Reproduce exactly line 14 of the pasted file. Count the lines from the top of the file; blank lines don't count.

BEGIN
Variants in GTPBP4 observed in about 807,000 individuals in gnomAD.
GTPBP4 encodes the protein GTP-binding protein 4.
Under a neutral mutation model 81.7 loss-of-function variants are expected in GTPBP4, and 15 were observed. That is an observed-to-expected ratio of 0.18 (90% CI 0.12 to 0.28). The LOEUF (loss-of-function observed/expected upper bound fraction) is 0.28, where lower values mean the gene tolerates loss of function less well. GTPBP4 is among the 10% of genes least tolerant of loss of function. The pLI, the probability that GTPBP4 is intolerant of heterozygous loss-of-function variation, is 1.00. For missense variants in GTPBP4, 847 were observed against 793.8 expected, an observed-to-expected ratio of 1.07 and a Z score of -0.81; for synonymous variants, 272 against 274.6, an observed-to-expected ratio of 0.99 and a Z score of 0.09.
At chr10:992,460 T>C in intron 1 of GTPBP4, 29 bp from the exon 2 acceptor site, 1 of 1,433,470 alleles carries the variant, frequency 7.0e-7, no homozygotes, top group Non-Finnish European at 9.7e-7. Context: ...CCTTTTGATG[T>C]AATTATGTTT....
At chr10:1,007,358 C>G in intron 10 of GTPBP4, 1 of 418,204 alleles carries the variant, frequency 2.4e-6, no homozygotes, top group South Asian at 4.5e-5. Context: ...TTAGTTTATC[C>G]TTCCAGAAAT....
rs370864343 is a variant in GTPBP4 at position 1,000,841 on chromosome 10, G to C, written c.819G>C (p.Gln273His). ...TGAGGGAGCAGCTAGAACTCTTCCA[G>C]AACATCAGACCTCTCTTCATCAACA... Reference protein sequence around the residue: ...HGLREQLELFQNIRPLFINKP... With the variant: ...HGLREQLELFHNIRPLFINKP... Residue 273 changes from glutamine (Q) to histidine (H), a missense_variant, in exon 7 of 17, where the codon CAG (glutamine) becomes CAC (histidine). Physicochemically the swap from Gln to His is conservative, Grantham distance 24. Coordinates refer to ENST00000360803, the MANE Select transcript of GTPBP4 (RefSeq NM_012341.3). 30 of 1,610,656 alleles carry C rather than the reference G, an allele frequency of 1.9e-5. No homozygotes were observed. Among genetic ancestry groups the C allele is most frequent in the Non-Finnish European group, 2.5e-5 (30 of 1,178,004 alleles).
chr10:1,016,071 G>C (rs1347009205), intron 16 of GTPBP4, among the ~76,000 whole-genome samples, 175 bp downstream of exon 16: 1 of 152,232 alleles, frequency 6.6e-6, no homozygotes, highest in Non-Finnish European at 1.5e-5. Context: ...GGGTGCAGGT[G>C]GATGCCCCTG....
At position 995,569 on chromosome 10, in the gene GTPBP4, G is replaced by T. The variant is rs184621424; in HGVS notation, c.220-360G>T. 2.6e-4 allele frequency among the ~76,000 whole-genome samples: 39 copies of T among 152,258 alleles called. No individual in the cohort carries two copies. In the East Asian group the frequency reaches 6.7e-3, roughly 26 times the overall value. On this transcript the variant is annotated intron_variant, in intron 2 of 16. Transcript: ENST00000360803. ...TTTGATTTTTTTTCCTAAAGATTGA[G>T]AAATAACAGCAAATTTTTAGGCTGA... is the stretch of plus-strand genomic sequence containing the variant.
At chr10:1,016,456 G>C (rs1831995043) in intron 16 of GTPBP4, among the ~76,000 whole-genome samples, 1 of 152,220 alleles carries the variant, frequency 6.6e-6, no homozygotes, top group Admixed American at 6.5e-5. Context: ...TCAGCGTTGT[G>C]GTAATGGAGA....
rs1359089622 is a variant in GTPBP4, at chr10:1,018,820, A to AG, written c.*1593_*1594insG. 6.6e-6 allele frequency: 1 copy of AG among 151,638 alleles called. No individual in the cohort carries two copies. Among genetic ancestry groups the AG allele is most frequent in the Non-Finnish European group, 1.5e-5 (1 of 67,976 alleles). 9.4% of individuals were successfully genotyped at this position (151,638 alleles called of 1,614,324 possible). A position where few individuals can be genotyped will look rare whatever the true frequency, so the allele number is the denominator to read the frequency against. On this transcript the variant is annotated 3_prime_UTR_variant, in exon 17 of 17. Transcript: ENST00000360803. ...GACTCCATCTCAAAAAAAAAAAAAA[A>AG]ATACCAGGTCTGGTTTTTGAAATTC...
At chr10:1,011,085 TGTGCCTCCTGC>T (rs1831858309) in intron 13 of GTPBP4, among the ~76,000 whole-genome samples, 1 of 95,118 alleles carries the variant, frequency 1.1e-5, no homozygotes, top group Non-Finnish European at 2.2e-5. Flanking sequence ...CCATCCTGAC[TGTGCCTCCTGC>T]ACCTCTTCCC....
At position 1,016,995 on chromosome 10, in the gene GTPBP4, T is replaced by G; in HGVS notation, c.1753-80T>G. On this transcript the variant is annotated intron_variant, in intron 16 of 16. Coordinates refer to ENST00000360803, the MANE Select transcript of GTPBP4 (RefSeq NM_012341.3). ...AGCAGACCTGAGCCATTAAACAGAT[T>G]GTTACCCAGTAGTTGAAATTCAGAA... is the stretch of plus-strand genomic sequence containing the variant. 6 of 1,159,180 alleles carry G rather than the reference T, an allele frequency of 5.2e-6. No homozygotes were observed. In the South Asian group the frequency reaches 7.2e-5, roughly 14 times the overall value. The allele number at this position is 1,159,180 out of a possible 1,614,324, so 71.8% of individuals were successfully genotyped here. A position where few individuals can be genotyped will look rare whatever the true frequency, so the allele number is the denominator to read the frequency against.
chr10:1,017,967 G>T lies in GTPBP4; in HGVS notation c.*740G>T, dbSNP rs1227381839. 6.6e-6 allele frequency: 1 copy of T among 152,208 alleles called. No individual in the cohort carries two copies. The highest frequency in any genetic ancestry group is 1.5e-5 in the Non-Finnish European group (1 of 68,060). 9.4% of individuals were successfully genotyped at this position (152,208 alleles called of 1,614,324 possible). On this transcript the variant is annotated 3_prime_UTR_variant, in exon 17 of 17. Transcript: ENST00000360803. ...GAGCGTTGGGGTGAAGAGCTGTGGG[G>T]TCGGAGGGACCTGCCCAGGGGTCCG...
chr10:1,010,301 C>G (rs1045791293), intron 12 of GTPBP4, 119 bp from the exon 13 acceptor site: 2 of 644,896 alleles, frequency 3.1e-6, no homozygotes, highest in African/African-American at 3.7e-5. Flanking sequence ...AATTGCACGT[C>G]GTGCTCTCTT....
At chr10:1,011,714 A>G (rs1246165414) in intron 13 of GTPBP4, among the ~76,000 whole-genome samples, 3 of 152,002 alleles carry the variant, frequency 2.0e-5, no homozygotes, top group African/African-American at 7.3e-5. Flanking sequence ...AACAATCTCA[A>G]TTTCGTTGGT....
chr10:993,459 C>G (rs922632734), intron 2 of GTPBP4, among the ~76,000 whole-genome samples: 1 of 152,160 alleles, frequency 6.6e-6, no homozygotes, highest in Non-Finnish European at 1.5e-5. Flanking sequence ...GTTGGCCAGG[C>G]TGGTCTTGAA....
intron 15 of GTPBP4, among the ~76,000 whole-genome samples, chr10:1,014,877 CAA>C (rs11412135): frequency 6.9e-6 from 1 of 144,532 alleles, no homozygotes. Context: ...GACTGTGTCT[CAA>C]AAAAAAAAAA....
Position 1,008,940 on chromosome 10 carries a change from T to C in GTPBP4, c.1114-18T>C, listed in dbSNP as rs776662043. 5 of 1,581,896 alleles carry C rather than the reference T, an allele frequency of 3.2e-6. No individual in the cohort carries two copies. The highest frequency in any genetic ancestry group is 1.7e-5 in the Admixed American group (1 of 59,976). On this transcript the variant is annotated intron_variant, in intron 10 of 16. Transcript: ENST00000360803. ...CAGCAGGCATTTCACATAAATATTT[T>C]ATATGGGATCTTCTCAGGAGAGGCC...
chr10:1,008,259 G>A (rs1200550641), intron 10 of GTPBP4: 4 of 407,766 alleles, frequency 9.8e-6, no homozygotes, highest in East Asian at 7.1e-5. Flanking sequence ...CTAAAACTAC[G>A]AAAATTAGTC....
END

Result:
chr10:1,010,301 C>G (rs1045791293), intron 12 of GTPBP4, 119 bp from the exon 13 acceptor site: 2 of 644,896 alleles, frequency 3.1e-6, no homozygotes, highest in African/African-American at 3.7e-5. Flanking sequence ...AATTGCACGT[C>G]GTGCTCTCTT....